Quiz Answer Key and Fun Facts
1. The Wydah was a fully rigged galley ship built to haul passengers, cargo, and slaves. It was commissioned in 1715 by Sir Humphrey Morice to ply the Triangle Trade. Ships generally took textiles and goods from Europe and traded them for slaves going to Americas. In the Americas, they traded the slaves, most often, for what agricultural products going back to Europe?
2. The Whydah started out from England to West Africa where it loaded up almost five hundred slaves. The trip, for the slaves leaving their home, was a horrific experience. The cramped conditions, illness, and shackles took their toll. Typically, what percentage of the slaves died during the journey?
3. The Whydah dropped off the slaves in the Americas and picked up gold, sugar, and rum to take back to England. The ship, captained by Lawrence Prince, was attacked near Cuba as it headed back. Which of these pirates, so named because he did not wear wigs but kept his long black hair tied back, was responsible for the capture?
4. By early April of 1717, the Whydah held a wide mixture of crew members and spoils from over fifty different pirate raids. The captain and crew also added an additional thirty cannon as ballast. What is ballast used for?
5. The Whydah was heading to Maine during the journey in April of 1717, but veered off course. Nobody knows why, but some say it was navigational error and others say it was the captain wanting to see family members. Either way, a storm hit just before the ship reached Cape Cod. What state would that be found?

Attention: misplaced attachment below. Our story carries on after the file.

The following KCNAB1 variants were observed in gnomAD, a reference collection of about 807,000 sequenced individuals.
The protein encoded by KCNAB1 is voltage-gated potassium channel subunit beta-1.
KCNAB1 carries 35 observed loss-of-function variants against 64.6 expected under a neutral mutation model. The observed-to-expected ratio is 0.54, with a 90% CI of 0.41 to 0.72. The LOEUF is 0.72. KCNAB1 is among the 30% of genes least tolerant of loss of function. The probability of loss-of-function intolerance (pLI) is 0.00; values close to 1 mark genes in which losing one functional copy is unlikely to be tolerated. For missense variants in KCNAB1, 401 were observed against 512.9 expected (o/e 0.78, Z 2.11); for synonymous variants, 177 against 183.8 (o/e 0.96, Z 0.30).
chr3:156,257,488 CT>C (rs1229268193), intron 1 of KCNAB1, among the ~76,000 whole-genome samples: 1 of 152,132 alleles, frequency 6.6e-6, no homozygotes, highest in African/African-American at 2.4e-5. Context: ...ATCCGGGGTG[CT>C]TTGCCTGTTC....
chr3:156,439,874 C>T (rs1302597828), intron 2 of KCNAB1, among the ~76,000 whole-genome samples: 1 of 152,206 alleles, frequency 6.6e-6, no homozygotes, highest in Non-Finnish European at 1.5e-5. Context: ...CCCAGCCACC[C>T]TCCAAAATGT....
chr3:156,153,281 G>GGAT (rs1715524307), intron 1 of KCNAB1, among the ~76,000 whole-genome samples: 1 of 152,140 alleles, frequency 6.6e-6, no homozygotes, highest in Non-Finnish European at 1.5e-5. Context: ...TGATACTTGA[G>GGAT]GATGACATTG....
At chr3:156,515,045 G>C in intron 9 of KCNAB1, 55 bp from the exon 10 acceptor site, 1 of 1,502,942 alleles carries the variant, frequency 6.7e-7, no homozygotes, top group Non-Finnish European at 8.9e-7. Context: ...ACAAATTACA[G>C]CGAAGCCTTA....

6. Many people think that "Black Sam" Bellamy of the Whydah turned toward Cape Cod (specifically the village of Wellfleet) in order to visit his girlfriend. This lady, Maria Hallett, was left behind as he searched for treasure. What Bellamy did not realize is that she was with child and was shunned by her peers after he left. As insanity set in during her predicament, what was she called?
7. On April 26 of 1716, the Whydah was caught in 70 mile-per-hour winds and 30-foot high seas. She and her sister ship both broke apart on sandbars and split open, spilling everything into the water. The next morning at least 100 corpses littered the beach. Cyprian Southack, a cartographer, was sent to bury the bodies, report on things, and salvage material. What does a cartographer work with?
8. In 1865, the person who authored 'Walden Pond' wrote a book called 'Cape Cod'. In it, the author wrote about the waters in the area and included descriptions of sunken anchors and treasures. This author's book aided in a group finding the shipwreck of the Whydah over 120 years later. Who is the author?
9. Barry Clifford found the wreck of the Whydah in 1984 by relying on word of mouth, research, and old maps. Surprisingly, it was in just fourteen feet of water and five feet of mud. One major find gave the whole thing a 'ring' of truth to the expedition. It was inscribed 'The Whydah Galley 1716'. Its finding allowed this to become the first pirate shipwreck with its identity authenticated. What was it?
10. The articles found at the Whydah wreckage site helped formulate new ideas about pirates in the 1700s. After studying the various relics, scientists have changed some theories about the 'traditional' pirate image. Which of these are true?
Source: Author stephgm67
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